As little as a decade ago, Diversity, Equity and Inclusion (DEI) had not been formalised as a legitimate business objective.
Today, DEI consulting is a burgeoning industry, likely because organisations are now more aware of the benefits a diverse workforce can bring. And so, based on the number of people currently employed in this industry, it seems the DEI officer role, dedicated to the improvement of organisational diversity, is flourishing.
An issue with rapidly emerging fields and job titles, however, is the career path is undetermined and industry regulation is often negligible. Diversity Atlas recently published a research paper to look into this gap in knowledge and find out more about the people who now fill assorted DEI roles.
The roles themselves deserve looking into. Job titles and descriptions vary greatly from organisation to organisation and many of these roles are consultative or brought in to fix individual issues, while others are voluntary – drawn from other departments, usually human resources, to ‘fix’ the organisation from within.
A lack of regulation and consistency with all things from duties, to pay grades and ideological approaches, have led to significant issues within the field, including widespread burnout when the idealistic goals of DEI don’t hold up to the pragmatic aspects of the corporate world.
Diversity Atlas’ study sourced data from responses to a questionnaire (22 responders) and looked at 1,000 LinkedIn profiles of Australian DEI officers to uncover background information and fill some of the gaps in knowledge we have about DEI professionals, their jobs, and career trajectories.
The study uncovered the following key insights:
On average, practitioners spent just over two years in a single DEI job and had just over two DEI jobs throughout their careers, totalling an average 4.22 years in the DEI industry. Similar results were observed across hierarchical levels.
The practitioners were concentrated in Victoria and New South Wales due to their higher populations. However, Queensland, despite also being a more populous state, showed a considerable lack of DEI practitioners.
Professionals from Victoria had shorter tenure in their roles than their counterparts in South Australia and Tasmania.
Most practitioners held managerial and individual contributor positions, while only a few held entry-level roles.
The public administration/government sector offered the highest number of DEI job opportunities, followed by education and financial services.
DEI job titles lack standardisation, with almost two-fifths presenting as unique. “Diversity” and “Inclusion” are the most used terms. The study also revealed specialised titles related to categories like disability and LGBTIQ+.
The industry was female-dominated across all levels (82.51% female to 17.49% male and 0% non-binary), with both represented genders typically spending fewer than 3 years in the industry and about 10% spending longer than 10 years.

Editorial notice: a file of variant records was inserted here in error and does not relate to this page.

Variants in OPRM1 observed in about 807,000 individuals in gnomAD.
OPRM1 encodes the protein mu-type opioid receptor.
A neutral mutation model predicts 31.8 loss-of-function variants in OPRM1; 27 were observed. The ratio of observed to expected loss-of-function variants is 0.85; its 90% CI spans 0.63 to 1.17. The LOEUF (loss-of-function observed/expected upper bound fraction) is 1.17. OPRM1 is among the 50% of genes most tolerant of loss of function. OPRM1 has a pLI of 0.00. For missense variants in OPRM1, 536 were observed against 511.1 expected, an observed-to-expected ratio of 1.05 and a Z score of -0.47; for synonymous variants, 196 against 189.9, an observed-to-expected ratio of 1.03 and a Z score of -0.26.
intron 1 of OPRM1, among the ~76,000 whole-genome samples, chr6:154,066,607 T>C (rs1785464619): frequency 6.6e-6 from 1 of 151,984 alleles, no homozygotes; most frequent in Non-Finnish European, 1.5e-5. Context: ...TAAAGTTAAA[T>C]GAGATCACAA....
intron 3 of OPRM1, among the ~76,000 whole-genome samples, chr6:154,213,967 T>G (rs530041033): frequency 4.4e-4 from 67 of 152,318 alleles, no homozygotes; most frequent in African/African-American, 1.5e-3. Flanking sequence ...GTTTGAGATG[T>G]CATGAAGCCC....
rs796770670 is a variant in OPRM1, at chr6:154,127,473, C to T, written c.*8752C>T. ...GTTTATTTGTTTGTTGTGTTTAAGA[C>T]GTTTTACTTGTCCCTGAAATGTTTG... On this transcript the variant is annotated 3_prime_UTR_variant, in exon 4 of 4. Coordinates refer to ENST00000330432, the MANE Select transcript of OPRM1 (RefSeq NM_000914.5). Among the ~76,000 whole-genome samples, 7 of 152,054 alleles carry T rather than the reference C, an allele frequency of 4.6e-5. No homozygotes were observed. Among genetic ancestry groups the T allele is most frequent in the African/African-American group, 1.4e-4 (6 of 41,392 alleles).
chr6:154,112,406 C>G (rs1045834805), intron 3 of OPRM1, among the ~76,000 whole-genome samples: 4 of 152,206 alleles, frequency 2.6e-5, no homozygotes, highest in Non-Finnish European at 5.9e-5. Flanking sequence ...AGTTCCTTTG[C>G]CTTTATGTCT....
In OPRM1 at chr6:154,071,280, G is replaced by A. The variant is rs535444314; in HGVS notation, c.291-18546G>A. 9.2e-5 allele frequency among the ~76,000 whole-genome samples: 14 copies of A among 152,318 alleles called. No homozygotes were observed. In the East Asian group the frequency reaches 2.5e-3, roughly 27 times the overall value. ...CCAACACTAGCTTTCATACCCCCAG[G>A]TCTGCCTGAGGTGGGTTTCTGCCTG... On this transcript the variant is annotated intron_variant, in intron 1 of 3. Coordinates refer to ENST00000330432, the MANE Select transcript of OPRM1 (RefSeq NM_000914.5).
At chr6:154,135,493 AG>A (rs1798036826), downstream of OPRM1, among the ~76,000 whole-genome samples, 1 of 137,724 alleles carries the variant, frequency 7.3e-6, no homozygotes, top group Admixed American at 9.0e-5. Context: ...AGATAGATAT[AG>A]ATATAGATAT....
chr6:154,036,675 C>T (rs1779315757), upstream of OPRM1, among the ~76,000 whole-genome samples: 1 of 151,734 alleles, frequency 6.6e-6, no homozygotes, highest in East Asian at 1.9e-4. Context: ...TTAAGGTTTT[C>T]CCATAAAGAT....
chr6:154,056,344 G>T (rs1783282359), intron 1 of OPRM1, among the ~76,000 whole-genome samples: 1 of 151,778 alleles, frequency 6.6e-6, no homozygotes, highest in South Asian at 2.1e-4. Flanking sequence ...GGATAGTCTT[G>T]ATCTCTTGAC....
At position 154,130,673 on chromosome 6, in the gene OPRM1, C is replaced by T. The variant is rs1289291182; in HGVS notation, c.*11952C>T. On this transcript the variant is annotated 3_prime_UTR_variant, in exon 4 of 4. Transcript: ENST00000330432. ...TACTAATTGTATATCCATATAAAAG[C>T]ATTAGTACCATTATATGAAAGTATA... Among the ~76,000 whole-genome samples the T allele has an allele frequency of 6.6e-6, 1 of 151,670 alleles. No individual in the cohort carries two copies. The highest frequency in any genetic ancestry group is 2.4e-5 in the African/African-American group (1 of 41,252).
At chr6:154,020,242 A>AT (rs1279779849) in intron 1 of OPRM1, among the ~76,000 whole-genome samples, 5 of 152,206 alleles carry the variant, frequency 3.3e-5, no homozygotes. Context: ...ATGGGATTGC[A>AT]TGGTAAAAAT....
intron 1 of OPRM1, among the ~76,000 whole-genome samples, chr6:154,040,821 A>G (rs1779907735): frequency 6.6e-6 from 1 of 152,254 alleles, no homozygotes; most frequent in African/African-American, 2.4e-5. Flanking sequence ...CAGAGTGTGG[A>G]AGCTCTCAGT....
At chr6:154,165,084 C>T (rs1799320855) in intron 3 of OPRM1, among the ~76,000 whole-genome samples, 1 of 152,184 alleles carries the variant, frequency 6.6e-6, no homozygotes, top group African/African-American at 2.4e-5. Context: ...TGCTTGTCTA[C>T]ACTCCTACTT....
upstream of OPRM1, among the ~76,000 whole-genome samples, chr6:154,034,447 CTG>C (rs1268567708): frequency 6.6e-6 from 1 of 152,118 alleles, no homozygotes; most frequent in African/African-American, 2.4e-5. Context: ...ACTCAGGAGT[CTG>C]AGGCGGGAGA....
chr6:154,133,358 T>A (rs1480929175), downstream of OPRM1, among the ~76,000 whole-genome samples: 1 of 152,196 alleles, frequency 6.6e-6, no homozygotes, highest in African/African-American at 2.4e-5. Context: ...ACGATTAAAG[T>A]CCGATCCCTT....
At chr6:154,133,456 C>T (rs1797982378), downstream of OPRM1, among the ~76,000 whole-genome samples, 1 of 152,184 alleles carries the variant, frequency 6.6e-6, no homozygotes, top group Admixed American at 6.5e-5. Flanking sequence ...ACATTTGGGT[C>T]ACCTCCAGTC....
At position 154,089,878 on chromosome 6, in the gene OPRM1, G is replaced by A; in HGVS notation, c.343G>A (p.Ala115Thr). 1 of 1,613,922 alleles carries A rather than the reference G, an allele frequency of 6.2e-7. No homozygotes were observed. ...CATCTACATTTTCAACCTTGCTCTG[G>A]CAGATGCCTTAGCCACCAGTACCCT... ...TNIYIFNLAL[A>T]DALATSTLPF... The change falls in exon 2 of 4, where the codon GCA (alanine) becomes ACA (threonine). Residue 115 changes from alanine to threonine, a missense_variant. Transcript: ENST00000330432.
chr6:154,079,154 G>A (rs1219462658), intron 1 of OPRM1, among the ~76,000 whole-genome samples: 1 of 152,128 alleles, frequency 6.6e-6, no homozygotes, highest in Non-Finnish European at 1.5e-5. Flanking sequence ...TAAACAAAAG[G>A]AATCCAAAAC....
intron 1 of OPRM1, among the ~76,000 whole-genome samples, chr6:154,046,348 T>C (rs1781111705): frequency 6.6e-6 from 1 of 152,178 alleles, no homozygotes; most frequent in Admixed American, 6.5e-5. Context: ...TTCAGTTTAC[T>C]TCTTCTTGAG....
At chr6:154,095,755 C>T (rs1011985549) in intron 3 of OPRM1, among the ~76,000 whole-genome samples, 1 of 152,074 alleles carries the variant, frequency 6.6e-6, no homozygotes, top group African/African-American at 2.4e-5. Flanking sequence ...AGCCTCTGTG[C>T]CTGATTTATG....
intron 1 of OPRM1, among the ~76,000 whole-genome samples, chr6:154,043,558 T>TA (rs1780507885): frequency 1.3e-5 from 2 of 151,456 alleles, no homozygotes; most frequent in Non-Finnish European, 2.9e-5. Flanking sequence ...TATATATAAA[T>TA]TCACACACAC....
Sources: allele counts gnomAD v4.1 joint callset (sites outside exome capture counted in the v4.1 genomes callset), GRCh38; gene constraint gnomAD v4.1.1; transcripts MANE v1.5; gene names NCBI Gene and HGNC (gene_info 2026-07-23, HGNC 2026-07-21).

The gender distribution remained quite constant regardless of time spent in the industry. The largest gender gap appeared at managerial level.
The primary source of DEI practitioners was from the human resources sector, with frequent transitions between DEI and human resource roles.
Reason for leaving the DEI industry
Nearly half the participants had experienced burnout and were lacking the tools to do their job satisfactorily, and about one-third of them were looking for a more financially secure job and thought there was a lack of career growth in DEI.
The Diversity Atlas study illuminates the transient nature of DEI roles, as well as the female dominance in these roles, the concentration of practitioners in Victoria and New South Wales, the predominance of managerial and individual contributor positions and the intertwining of the field with human resources.
The lack of longevity in this field and tendency of organisations to treat DEI as an ‘add-on’ present serious issues that will hamper a company’s progress in this space. The study points to the desirability of increased industry-wide standards and regulation.
Nicole Lee is the chief Data Analyst at Diversity Atlas. She received a Master of Information Systems from the University of Melbourne, a Master of Science, Information and Preservation from the University of Glasgow and a Bachelor of Arts, Anthropology from the Chinese University of Hong Kong.
Rezza Moieni is the Chief Technology Officer of Cultural Infusion. His data-driven methodology around measuring diversity underpins Diversity Atlas, the world’s simplest and most sophisticated diversity and equity tool, which has been deployed in 30+ countries across the world.
Peter Mousaferiadis is the Founder and CEO of Cultural Infusion and an internationally recognised thought leader of culture as a driver of peace and innovation.